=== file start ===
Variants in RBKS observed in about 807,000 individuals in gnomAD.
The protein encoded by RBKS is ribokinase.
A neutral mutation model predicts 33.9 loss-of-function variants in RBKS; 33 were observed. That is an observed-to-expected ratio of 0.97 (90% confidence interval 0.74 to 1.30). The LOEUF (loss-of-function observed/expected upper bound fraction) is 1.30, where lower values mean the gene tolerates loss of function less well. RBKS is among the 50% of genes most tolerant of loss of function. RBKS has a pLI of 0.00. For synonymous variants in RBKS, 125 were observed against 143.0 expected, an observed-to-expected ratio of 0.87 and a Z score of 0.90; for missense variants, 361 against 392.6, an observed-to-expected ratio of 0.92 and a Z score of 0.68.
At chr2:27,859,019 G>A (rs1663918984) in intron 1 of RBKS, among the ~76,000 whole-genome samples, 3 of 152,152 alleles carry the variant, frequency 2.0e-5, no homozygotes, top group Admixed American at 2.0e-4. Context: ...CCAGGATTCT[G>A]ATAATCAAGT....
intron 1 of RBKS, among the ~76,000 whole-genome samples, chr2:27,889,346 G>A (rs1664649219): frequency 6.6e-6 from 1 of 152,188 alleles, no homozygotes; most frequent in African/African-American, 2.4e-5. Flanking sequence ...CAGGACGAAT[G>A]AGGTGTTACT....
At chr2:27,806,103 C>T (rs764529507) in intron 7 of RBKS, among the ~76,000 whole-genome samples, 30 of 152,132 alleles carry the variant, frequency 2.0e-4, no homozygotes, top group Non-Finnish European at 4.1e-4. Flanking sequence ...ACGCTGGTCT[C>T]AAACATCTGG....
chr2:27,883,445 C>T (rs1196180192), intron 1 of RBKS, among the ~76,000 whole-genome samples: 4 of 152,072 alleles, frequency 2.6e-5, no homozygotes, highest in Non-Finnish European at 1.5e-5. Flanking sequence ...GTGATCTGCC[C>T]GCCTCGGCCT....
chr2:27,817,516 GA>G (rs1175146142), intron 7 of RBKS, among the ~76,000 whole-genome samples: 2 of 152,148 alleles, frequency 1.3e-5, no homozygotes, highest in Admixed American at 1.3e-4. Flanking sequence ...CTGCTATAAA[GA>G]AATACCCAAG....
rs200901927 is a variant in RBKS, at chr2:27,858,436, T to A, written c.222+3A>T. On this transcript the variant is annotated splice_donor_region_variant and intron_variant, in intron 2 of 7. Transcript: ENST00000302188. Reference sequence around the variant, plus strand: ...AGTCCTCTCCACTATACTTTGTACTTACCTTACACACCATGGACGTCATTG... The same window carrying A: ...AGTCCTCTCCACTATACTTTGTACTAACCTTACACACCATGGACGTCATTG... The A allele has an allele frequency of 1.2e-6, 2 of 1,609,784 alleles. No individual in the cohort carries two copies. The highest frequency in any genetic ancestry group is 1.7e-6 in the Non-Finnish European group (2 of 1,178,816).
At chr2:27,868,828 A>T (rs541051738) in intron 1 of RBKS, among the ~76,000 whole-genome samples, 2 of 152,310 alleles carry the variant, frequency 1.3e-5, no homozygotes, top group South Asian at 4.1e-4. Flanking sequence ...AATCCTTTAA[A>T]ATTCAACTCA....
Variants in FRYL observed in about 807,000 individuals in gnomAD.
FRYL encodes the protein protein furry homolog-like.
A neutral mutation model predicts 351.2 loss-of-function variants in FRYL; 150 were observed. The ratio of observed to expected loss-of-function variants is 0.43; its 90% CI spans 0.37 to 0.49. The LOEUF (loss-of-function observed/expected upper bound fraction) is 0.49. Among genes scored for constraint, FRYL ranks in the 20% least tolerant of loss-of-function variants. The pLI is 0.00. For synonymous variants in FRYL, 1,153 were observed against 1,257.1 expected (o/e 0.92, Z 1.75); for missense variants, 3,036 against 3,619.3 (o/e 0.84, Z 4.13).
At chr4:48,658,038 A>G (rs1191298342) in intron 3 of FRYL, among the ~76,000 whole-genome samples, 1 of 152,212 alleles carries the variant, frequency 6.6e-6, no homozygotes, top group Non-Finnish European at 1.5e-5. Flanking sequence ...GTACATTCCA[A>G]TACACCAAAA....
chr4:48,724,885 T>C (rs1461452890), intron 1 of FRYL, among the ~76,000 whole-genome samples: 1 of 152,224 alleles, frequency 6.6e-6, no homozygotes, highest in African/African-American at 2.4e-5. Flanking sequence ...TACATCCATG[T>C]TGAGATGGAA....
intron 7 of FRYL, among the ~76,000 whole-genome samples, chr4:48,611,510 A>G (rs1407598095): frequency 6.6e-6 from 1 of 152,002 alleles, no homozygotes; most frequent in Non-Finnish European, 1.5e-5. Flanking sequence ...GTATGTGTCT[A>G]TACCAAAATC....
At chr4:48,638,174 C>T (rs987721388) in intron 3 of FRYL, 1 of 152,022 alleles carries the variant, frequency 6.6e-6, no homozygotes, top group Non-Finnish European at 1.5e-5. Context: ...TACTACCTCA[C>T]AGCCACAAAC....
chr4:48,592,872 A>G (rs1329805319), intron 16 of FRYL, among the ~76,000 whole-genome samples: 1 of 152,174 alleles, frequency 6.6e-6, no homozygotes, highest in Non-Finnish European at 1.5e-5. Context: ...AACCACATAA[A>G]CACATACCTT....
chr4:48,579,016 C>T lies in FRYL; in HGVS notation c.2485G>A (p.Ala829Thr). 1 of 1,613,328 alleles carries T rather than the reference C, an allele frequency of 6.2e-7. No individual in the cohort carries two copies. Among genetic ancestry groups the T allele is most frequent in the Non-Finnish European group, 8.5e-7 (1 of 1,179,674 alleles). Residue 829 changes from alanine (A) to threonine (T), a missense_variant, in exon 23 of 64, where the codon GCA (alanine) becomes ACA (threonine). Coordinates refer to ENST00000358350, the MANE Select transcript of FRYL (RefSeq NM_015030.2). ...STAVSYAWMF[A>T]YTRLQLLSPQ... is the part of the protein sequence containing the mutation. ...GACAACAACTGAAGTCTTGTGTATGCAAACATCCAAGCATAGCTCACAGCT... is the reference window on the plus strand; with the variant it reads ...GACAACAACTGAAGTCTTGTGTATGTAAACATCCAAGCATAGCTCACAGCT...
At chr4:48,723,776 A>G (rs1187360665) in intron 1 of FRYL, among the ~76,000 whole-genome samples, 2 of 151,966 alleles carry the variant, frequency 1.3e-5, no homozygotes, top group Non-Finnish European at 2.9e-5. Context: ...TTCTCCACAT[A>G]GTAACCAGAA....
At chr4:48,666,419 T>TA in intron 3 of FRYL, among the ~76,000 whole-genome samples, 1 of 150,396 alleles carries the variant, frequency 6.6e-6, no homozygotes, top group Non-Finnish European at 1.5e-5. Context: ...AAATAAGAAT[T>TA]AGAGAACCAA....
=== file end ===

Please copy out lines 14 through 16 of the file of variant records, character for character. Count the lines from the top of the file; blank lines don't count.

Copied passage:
At chr4:48,658,038 A>G (rs1191298342) in intron 3 of FRYL, among the ~76,000 whole-genome samples, 1 of 152,212 alleles carries the variant, frequency 6.6e-6, no homozygotes, top group Non-Finnish European at 1.5e-5. Flanking sequence ...GTACATTCCA[A>G]TACACCAAAA....
chr4:48,724,885 T>C (rs1461452890), intron 1 of FRYL, among the ~76,000 whole-genome samples: 1 of 152,224 alleles, frequency 6.6e-6, no homozygotes, highest in African/African-American at 2.4e-5. Flanking sequence ...TACATCCATG[T>C]TGAGATGGAA....
intron 7 of FRYL, among the ~76,000 whole-genome samples, chr4:48,611,510 A>G (rs1407598095): frequency 6.6e-6 from 1 of 152,002 alleles, no homozygotes; most frequent in Non-Finnish European, 1.5e-5. Flanking sequence ...GTATGTGTCT[A>G]TACCAAAATC....